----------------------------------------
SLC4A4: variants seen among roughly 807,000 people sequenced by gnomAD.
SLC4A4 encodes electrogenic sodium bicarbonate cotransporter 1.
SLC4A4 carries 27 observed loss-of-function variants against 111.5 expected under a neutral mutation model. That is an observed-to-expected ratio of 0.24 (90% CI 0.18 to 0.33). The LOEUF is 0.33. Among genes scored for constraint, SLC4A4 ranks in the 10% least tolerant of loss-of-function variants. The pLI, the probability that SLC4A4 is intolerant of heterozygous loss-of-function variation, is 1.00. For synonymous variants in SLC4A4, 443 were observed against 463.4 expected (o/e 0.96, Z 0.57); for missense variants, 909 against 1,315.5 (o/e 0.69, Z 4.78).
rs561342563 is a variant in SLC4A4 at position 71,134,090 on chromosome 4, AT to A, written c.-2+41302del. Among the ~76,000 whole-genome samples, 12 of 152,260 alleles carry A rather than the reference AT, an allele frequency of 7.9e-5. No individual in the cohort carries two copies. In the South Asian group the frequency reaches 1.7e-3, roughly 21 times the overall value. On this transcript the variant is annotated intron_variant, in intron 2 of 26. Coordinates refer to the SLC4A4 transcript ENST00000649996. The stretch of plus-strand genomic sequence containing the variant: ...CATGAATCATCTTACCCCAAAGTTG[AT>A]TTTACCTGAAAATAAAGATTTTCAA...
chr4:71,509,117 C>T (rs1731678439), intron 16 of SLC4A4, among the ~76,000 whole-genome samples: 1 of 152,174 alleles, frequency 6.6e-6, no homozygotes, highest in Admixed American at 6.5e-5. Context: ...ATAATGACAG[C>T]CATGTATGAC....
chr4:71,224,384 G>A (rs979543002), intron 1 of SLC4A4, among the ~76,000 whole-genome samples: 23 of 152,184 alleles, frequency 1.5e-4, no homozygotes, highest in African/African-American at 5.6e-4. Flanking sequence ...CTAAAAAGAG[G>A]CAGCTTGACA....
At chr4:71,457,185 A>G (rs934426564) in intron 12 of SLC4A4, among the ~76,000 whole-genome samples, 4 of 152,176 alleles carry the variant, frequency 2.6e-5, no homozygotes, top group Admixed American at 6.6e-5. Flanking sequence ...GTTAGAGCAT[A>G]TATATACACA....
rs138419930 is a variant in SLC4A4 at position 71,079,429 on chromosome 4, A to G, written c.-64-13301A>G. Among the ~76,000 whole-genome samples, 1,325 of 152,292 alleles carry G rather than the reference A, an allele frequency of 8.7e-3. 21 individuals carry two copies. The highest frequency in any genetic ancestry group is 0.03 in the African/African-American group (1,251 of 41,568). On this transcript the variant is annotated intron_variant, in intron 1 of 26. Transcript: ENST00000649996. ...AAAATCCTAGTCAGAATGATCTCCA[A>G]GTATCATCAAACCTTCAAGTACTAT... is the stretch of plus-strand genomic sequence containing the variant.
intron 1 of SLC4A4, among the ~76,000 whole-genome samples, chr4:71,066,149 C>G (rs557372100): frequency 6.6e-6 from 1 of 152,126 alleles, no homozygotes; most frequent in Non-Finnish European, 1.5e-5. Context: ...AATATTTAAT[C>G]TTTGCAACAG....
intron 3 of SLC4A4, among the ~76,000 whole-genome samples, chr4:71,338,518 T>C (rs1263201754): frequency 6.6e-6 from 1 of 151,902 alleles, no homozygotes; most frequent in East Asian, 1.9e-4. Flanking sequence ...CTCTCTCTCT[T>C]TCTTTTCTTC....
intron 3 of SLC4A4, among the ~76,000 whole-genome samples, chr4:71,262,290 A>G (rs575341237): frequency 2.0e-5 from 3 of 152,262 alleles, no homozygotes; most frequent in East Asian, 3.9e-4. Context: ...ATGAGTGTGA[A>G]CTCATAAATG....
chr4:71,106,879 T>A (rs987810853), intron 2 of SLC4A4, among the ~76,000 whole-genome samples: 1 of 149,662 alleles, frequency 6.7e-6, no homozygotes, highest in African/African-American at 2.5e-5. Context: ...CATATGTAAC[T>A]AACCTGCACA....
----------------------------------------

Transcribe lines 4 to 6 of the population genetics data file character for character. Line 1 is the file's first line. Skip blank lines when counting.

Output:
rs561342563 is a variant in SLC4A4 at position 71,134,090 on chromosome 4, AT to A, written c.-2+41302del. Among the ~76,000 whole-genome samples, 12 of 152,260 alleles carry A rather than the reference AT, an allele frequency of 7.9e-5. No individual in the cohort carries two copies. In the South Asian group the frequency reaches 1.7e-3, roughly 21 times the overall value. On this transcript the variant is annotated intron_variant, in intron 2 of 26. Coordinates refer to the SLC4A4 transcript ENST00000649996. The stretch of plus-strand genomic sequence containing the variant: ...CATGAATCATCTTACCCCAAAGTTG[AT>A]TTTACCTGAAAATAAAGATTTTCAA...
chr4:71,509,117 C>T (rs1731678439), intron 16 of SLC4A4, among the ~76,000 whole-genome samples: 1 of 152,174 alleles, frequency 6.6e-6, no homozygotes, highest in Admixed American at 6.5e-5. Context: ...ATAATGACAG[C>T]CATGTATGAC....
chr4:71,224,384 G>A (rs979543002), intron 1 of SLC4A4, among the ~76,000 whole-genome samples: 23 of 152,184 alleles, frequency 1.5e-4, no homozygotes, highest in African/African-American at 5.6e-4. Flanking sequence ...CTAAAAAGAG[G>A]CAGCTTGACA....